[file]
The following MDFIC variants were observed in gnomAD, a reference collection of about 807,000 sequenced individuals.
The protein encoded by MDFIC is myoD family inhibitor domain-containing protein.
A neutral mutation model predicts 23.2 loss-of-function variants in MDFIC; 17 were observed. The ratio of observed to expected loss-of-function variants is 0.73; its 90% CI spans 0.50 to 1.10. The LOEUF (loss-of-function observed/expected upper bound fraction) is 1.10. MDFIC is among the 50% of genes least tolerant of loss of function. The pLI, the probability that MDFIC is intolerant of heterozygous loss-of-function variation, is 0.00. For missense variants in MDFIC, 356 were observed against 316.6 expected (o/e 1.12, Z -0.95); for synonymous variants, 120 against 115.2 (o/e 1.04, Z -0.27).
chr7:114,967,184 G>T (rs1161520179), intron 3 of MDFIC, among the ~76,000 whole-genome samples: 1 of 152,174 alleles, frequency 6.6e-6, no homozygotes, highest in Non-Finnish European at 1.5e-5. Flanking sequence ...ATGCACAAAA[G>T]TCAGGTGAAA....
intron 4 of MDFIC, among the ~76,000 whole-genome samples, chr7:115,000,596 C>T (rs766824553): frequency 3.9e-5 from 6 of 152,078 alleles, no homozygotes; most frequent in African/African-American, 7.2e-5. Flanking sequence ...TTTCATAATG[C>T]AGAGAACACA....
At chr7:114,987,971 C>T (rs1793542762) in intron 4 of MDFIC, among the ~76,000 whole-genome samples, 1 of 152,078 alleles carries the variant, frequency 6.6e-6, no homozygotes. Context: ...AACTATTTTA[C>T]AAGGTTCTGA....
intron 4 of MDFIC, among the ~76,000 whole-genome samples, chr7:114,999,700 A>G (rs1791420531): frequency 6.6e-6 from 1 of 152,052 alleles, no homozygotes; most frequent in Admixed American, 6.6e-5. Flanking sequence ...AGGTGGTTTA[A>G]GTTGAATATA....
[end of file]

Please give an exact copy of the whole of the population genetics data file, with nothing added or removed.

The following MDFIC variants were observed in gnomAD, a reference collection of about 807,000 sequenced individuals.
The protein encoded by MDFIC is myoD family inhibitor domain-containing protein.
A neutral mutation model predicts 23.2 loss-of-function variants in MDFIC; 17 were observed. The ratio of observed to expected loss-of-function variants is 0.73; its 90% CI spans 0.50 to 1.10. The LOEUF (loss-of-function observed/expected upper bound fraction) is 1.10. MDFIC is among the 50% of genes least tolerant of loss of function. The pLI, the probability that MDFIC is intolerant of heterozygous loss-of-function variation, is 0.00. For missense variants in MDFIC, 356 were observed against 316.6 expected (o/e 1.12, Z -0.95); for synonymous variants, 120 against 115.2 (o/e 1.04, Z -0.27).
chr7:114,967,184 G>T (rs1161520179), intron 3 of MDFIC, among the ~76,000 whole-genome samples: 1 of 152,174 alleles, frequency 6.6e-6, no homozygotes, highest in Non-Finnish European at 1.5e-5. Flanking sequence ...ATGCACAAAA[G>T]TCAGGTGAAA....
intron 4 of MDFIC, among the ~76,000 whole-genome samples, chr7:115,000,596 C>T (rs766824553): frequency 3.9e-5 from 6 of 152,078 alleles, no homozygotes; most frequent in African/African-American, 7.2e-5. Flanking sequence ...TTTCATAATG[C>T]AGAGAACACA....
At chr7:114,987,971 C>T (rs1793542762) in intron 4 of MDFIC, among the ~76,000 whole-genome samples, 1 of 152,078 alleles carries the variant, frequency 6.6e-6, no homozygotes. Context: ...AACTATTTTA[C>T]AAGGTTCTGA....
intron 4 of MDFIC, among the ~76,000 whole-genome samples, chr7:114,999,700 A>G (rs1791420531): frequency 6.6e-6 from 1 of 152,052 alleles, no homozygotes; most frequent in Admixed American, 6.6e-5. Flanking sequence ...AGGTGGTTTA[A>G]GTTGAATATA....